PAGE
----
Anna Greenberg of pollster Greenberg Quinlan Rosner Research told the BBC, or example, that only three percent of Americans use their mobile phones as a sole communication device, but the FCC said two years ago that five percent of U.S. homes have only mobile phone service and that 15 percent of university students have only mobile phone service. And with 77 million U.S. mobile phones owned by people age 18-24, many of those supposedly counted are probably still associated with a parent's hard-wired telephone number but are really mobile. So the numbers of unpolled votes could be huge.
And though pollsters (who after all are generally in business to do this work) deny it, the switch from fixed to mobile communication is already having an impact on the outcome of elections.
In the last presidential election, one might have expected the final tracking polls to pretty closely reflect the actual outcome of the election only a few hours later. But no. Gore was generally two to three points down in most tracking polls conducted on November 6, 2000, but won the popular vote on November 7 by about half a million voters, or half of one percent. True, this is within the statistical range of most polls, but if the deviation from the actual vote count was truly random noise, then half of the tracking polls would have counted high and half counted low. But that's not the way it happened, and the reason isn't noise, but a consistent sampling error.
More recently in the 2003, Philadelphia mayoral election the final tracking polls gave incumbent mayor John Street a slight statistical lead over challenger Sam Katz, yet the actual vote went 59 to 41 for Street. How could those Philadelphia tracking polls be so far off? They missed the extensive effort to register student voters in that city, with its several major universities.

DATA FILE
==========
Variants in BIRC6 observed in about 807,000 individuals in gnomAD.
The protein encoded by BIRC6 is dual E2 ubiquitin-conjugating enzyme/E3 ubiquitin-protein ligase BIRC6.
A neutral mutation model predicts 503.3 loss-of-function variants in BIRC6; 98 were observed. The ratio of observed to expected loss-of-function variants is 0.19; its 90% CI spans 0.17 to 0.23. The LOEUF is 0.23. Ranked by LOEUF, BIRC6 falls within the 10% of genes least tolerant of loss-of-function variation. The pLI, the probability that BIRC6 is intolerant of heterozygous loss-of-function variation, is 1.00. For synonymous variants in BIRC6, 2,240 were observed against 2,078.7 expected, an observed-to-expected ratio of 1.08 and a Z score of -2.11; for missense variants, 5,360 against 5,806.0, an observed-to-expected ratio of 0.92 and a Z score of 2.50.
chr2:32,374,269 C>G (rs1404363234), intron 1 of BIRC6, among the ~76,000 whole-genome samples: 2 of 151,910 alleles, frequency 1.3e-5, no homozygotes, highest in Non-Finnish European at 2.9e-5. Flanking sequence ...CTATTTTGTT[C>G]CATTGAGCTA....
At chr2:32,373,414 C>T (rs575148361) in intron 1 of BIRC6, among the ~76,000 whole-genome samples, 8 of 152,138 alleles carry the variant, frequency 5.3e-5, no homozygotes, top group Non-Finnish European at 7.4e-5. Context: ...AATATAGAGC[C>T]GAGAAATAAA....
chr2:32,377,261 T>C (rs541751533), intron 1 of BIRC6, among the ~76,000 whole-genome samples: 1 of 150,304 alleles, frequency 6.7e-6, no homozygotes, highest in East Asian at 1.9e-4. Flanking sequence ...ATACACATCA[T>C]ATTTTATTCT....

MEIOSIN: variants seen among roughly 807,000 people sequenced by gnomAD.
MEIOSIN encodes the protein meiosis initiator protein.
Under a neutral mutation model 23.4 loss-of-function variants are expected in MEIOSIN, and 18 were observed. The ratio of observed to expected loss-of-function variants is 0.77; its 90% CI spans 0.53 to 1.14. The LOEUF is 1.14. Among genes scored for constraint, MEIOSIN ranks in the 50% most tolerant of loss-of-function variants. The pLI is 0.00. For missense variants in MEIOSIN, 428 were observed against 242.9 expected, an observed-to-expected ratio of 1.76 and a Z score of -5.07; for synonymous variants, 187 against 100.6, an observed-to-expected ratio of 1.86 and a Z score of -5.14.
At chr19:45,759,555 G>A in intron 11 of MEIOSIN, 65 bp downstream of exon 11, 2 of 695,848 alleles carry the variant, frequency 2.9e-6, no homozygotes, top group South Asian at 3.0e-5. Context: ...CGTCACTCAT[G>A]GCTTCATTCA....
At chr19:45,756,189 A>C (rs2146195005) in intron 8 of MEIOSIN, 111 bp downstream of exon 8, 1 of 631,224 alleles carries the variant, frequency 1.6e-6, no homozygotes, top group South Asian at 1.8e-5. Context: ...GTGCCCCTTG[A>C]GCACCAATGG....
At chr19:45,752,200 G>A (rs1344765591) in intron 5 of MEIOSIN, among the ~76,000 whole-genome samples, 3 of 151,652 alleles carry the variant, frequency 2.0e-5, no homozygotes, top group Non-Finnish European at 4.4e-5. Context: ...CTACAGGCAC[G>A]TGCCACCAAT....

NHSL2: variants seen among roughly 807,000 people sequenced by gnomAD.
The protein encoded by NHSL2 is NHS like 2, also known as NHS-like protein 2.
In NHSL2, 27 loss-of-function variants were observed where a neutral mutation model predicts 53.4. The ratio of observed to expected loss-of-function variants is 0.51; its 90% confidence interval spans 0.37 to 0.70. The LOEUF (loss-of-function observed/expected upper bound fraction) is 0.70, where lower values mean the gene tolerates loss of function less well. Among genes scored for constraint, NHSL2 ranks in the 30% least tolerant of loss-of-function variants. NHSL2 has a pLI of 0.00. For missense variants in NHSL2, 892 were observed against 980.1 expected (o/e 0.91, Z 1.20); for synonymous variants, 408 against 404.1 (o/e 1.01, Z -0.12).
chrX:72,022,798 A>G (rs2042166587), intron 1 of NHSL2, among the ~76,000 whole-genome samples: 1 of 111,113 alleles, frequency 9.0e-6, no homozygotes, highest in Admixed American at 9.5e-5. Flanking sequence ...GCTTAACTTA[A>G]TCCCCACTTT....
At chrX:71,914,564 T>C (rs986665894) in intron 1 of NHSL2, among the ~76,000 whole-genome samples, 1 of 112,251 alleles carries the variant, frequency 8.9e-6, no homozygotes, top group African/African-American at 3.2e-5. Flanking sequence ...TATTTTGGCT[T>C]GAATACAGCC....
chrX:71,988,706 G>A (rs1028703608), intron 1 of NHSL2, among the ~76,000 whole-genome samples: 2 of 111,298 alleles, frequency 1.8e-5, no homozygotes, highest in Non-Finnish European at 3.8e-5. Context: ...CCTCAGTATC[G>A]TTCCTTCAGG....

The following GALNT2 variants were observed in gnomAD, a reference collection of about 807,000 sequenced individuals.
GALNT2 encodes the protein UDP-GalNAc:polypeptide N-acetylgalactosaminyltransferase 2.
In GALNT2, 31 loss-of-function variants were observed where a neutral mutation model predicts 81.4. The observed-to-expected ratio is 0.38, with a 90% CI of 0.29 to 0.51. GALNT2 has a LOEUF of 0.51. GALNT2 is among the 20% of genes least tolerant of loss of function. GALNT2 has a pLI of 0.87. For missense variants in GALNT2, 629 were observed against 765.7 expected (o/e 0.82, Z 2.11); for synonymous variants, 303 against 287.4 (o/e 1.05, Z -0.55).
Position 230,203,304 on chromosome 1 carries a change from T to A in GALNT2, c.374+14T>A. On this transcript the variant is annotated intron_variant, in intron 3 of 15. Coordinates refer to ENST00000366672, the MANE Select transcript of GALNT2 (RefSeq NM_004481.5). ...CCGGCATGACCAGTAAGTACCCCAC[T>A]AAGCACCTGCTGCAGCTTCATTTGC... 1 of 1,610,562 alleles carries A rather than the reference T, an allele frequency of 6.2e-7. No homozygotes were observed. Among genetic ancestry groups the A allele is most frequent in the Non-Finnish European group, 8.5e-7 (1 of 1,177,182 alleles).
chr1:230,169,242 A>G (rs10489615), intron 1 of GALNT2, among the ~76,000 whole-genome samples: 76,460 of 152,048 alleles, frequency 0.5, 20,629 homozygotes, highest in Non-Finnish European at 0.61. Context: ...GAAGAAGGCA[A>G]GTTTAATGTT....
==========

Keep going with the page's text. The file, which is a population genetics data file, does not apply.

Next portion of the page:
Now how about Diddy and all the others urging young people to register and vote in the upcoming Presidential election? Their stated goal is 20 million new voters (out of a total of perhaps 110-120 million voters) and given the fervent message and extensive advertising on MTV, VH1 and elsewhere, that goal just might be reached, presumably with most of those kids voting for Kerry, the Democratic challenger. If the polls are skewed, then Kerry is actually doing much better and can probably expect a comfortable win.
But if that's the case, why aren't we hearing about it?
The likely answer is simply because Democratic strategists fear any sign of cockiness will result in many of those newly registered young voters not bothering to vote at all, leading to a Bush victory. So nobody says anything, holding their breath and hoping for a particular outcome.
And Diddy, I hear he's planning to sublet the Lincoln bedroom.
I'll be out there November 2nd, on the phones and in the car. As for Rove, he's going to do something desperate.